Tracks of different types of dust particles in the plasma beam of Pilot-PSI: small velocity (a) loss to large velocity loss (b) and even sticking. Once a dust particle sticks to the surface, it cools down and is no longer visible. Credit: Andrey Shalpegin et.al.*, Nuclear Fusion
When the hot, dense plasma in a fusion reactor hits the reactor's exhaust wall, dust particles will inevitably erode from the wall and be swept away by the plasma, or ionised gas. But how do these dust particles travel and where do they end up?
An international team has used sensitive cameras to produce the first ever fully resolved movies of dust motion in experiments with DIFFER's linear plasma generator Pilot-PSI (Nieuwegein, The Netherlands). The new data will feed into improved models for dust motion in the fusion reactor ITER.
"Dust particles are a few millionth of a metre (micrometre) in size. A challenge with detecting their minute motions is that you want to have the camera really close to the plasma," says Pilot-PSI operator Kirill Bystrov. In a complete fusion reactor, there is seldom the space to do that—instrumentation ports are too far away from this plasma-surface interaction region. "In Pilot-PSI, we can get the camera within half a metre of where the plasma hits the target."
The experiments reached a record spatial sensitivity of 9 micrometres per pixel. Previous experiments reached 200 micrometres to a few millimetres per pixel - ten to fifty times less sensitive than the record set in Pilot-PSI. This gives unparallelled information about how the dust particles roll, skip and bounce, and how they are influenced by the constant wind of plasma particles. This information will feed into predictive models for the dust motion, to clear up where it will collect and which reactor areas need special focus when cleaning.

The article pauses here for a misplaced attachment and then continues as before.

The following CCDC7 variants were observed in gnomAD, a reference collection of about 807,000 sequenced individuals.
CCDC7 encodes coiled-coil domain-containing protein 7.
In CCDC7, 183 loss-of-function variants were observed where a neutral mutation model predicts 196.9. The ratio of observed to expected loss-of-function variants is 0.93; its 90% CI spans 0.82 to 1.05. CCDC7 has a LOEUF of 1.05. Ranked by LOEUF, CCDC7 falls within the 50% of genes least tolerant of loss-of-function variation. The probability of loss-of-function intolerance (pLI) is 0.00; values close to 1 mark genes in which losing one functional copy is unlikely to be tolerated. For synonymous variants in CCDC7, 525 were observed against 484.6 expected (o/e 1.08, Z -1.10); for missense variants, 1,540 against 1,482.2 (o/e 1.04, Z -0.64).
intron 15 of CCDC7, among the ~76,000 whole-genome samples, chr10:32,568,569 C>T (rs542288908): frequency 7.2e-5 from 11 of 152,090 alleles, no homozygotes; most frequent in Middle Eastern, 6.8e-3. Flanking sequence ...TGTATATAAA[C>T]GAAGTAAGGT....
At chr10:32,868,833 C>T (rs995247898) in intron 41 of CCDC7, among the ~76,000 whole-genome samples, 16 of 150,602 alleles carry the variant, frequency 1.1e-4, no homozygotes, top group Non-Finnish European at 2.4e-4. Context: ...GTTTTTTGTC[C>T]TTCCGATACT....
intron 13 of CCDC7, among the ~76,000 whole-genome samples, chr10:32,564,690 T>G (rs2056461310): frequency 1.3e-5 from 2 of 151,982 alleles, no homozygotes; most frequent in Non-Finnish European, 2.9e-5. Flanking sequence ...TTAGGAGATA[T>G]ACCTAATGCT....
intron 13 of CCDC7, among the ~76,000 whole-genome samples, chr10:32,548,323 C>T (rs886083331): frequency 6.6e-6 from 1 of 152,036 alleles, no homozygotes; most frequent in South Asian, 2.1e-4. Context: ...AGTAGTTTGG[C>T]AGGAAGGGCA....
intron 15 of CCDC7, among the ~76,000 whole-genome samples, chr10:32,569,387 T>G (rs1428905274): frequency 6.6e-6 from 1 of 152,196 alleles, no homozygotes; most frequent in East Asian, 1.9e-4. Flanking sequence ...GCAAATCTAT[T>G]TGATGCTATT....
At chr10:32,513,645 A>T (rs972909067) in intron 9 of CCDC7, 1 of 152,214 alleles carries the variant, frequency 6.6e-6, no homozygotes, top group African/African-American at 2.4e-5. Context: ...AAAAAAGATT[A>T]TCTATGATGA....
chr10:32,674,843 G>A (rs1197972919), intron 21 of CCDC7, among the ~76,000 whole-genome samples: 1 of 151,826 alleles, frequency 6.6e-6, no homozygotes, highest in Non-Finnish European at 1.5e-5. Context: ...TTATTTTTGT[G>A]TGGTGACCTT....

The new measurements managed to clear up a mysterious form of motion where a dust speck kept its high temperature while sliding across a cooled surface. Intuitively, that just cannot happen: the particle should cool down to the surface temperature if it is in constant contact. It turns out the 200 micrometre per pixel resolution of the original measurements was to blame - where they saw a particle rolling or sliding in constant contact with the cooled surface, the more accurate 9 micrometre video clearly shows the dust speck bouncing across the surface and only cooling down a fraction when it strikes the surface between bounces.
Read the full report on the DIFFER website.
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